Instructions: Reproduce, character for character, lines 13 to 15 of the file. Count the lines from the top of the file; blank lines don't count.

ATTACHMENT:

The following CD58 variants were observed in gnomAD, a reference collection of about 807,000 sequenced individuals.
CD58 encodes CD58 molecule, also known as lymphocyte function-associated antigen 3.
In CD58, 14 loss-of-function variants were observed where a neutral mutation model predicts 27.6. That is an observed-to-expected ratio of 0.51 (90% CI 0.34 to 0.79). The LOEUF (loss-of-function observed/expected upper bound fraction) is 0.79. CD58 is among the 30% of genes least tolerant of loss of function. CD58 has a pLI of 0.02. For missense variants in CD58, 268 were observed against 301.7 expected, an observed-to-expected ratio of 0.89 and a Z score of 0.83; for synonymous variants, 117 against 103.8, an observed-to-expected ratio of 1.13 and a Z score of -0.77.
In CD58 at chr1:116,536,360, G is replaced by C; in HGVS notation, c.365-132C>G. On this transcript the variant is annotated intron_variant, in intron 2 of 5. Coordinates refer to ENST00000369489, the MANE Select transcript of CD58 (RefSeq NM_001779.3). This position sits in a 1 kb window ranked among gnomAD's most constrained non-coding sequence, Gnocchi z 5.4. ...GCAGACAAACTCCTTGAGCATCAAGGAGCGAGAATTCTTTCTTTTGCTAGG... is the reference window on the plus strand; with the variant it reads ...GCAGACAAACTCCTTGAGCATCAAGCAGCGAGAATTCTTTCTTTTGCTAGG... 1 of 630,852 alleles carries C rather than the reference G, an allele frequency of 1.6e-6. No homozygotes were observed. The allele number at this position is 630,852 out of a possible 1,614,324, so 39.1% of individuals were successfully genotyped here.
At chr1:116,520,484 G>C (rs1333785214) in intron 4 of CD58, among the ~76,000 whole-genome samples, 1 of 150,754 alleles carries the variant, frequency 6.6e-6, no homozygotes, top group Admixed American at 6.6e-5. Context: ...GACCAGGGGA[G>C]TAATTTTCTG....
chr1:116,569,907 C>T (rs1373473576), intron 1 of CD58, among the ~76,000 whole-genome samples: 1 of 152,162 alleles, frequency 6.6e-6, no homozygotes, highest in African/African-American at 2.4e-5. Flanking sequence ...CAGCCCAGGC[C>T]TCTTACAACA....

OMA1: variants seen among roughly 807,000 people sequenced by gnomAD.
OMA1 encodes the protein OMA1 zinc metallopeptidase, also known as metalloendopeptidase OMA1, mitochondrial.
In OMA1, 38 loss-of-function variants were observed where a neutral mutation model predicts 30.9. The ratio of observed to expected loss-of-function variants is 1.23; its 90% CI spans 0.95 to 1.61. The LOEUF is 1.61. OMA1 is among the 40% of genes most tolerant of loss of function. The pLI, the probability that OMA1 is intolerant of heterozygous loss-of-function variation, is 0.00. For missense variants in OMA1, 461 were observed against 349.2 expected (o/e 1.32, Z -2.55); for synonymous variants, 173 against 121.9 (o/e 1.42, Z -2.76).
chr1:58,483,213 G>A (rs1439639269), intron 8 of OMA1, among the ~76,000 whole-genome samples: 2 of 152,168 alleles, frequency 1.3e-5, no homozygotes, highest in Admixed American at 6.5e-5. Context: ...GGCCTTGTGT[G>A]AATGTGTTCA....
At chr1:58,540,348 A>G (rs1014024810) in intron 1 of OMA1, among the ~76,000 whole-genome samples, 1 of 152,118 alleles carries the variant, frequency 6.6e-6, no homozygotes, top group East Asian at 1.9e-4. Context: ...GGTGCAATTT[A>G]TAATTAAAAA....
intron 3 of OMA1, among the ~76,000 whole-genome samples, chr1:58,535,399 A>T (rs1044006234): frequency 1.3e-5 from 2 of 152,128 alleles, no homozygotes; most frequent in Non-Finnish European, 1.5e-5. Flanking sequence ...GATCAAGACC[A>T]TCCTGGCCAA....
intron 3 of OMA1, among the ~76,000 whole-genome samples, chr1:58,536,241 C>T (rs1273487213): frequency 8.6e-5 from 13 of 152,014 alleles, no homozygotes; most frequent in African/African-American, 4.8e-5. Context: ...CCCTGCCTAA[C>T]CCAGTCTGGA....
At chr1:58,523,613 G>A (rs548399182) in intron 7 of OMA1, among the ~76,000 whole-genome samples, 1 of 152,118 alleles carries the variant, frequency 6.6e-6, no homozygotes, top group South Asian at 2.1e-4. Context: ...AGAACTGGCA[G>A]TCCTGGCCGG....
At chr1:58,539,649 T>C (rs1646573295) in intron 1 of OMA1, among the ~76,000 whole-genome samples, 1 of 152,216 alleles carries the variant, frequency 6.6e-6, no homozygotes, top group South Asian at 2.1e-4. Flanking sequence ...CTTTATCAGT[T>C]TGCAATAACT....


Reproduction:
intron 3 of OMA1, among the ~76,000 whole-genome samples, chr1:58,536,241 C>T (rs1273487213): frequency 8.6e-5 from 13 of 152,014 alleles, no homozygotes; most frequent in African/African-American, 4.8e-5. Context: ...CCCTGCCTAA[C>T]CCAGTCTGGA....
At chr1:58,523,613 G>A (rs548399182) in intron 7 of OMA1, among the ~76,000 whole-genome samples, 1 of 152,118 alleles carries the variant, frequency 6.6e-6, no homozygotes, top group South Asian at 2.1e-4. Context: ...AGAACTGGCA[G>A]TCCTGGCCGG....
At chr1:58,539,649 T>C (rs1646573295) in intron 1 of OMA1, among the ~76,000 whole-genome samples, 1 of 152,216 alleles carries the variant, frequency 6.6e-6, no homozygotes, top group South Asian at 2.1e-4. Flanking sequence ...CTTTATCAGT[T>C]TGCAATAACT....